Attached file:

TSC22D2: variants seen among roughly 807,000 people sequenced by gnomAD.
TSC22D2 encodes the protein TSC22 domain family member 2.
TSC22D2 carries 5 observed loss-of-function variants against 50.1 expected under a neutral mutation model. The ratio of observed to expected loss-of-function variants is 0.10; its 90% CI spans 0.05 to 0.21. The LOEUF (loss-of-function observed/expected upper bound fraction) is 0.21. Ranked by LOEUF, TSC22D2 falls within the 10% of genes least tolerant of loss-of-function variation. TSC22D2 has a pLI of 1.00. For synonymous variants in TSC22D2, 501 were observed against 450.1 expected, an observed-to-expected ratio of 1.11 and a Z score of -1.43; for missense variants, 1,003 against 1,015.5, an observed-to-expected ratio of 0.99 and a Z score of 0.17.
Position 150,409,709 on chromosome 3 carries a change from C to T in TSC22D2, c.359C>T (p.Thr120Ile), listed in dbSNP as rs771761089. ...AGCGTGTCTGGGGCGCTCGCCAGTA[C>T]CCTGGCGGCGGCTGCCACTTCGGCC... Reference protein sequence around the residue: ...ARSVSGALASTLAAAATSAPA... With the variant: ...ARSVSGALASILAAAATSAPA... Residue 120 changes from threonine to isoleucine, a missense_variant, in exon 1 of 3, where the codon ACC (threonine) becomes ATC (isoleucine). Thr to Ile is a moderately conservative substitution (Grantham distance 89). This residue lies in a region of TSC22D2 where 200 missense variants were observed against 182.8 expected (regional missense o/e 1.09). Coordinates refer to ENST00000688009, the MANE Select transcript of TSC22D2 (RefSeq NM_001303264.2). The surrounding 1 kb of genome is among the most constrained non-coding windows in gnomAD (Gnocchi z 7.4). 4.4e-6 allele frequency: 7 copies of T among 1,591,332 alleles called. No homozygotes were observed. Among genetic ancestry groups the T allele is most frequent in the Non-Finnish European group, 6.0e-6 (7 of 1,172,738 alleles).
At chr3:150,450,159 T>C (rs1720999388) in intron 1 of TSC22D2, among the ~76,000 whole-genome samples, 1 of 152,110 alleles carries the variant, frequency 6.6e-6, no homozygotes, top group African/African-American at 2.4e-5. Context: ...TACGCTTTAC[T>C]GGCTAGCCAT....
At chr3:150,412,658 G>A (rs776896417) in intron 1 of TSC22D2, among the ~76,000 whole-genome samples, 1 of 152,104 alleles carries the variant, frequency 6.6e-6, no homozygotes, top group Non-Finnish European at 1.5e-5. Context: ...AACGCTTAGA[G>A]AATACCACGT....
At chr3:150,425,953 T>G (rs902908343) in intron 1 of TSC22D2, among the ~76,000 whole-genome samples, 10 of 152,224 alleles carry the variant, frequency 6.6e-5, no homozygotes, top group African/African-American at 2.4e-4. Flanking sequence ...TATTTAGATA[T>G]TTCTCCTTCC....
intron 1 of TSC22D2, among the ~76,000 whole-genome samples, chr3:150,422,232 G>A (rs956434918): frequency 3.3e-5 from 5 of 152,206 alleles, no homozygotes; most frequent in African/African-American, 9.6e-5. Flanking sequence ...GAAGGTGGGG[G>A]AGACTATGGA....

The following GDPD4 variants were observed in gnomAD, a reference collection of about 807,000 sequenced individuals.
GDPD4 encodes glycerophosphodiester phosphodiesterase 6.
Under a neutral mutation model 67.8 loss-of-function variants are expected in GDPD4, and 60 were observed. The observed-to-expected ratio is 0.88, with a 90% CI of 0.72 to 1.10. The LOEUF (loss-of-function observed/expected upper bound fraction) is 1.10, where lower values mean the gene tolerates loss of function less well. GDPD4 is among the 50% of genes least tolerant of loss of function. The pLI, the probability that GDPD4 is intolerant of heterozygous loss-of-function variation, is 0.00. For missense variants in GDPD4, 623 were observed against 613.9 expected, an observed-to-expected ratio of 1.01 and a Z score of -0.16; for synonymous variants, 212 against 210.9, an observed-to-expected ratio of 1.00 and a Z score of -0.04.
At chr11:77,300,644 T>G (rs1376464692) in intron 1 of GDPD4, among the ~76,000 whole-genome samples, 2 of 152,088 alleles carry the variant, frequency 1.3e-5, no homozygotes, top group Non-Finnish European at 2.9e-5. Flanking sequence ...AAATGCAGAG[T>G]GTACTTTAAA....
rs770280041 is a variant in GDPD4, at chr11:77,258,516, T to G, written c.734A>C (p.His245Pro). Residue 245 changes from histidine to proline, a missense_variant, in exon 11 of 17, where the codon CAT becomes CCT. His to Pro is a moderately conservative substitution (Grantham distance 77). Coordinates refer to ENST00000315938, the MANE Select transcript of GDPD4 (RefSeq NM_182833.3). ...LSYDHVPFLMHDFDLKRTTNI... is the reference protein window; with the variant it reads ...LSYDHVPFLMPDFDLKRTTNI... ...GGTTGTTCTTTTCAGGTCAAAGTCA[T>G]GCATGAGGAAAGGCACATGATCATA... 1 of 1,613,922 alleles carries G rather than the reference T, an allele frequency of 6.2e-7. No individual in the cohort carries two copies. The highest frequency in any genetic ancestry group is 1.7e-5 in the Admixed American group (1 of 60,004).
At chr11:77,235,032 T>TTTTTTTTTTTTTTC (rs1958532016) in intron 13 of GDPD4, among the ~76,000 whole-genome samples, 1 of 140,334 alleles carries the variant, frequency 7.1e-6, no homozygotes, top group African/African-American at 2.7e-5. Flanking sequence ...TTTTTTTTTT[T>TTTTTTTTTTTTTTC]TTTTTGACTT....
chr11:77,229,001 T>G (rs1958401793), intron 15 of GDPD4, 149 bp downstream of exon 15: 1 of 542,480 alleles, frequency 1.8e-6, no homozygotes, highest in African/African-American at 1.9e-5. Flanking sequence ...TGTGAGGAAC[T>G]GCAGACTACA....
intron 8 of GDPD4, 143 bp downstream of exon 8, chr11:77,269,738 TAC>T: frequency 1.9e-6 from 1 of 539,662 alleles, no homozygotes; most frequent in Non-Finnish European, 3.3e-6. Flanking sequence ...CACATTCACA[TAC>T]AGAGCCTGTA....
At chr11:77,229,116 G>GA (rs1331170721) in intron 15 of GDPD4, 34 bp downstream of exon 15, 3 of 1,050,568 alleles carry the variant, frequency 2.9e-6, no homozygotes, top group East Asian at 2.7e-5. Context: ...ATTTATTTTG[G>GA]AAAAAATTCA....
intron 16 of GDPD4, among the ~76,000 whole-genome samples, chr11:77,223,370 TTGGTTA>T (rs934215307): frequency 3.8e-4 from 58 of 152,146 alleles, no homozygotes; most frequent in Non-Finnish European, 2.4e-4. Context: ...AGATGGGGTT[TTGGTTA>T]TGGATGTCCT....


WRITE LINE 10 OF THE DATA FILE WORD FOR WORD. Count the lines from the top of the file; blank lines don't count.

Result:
GDPD4 encodes glycerophosphodiester phosphodiesterase 6.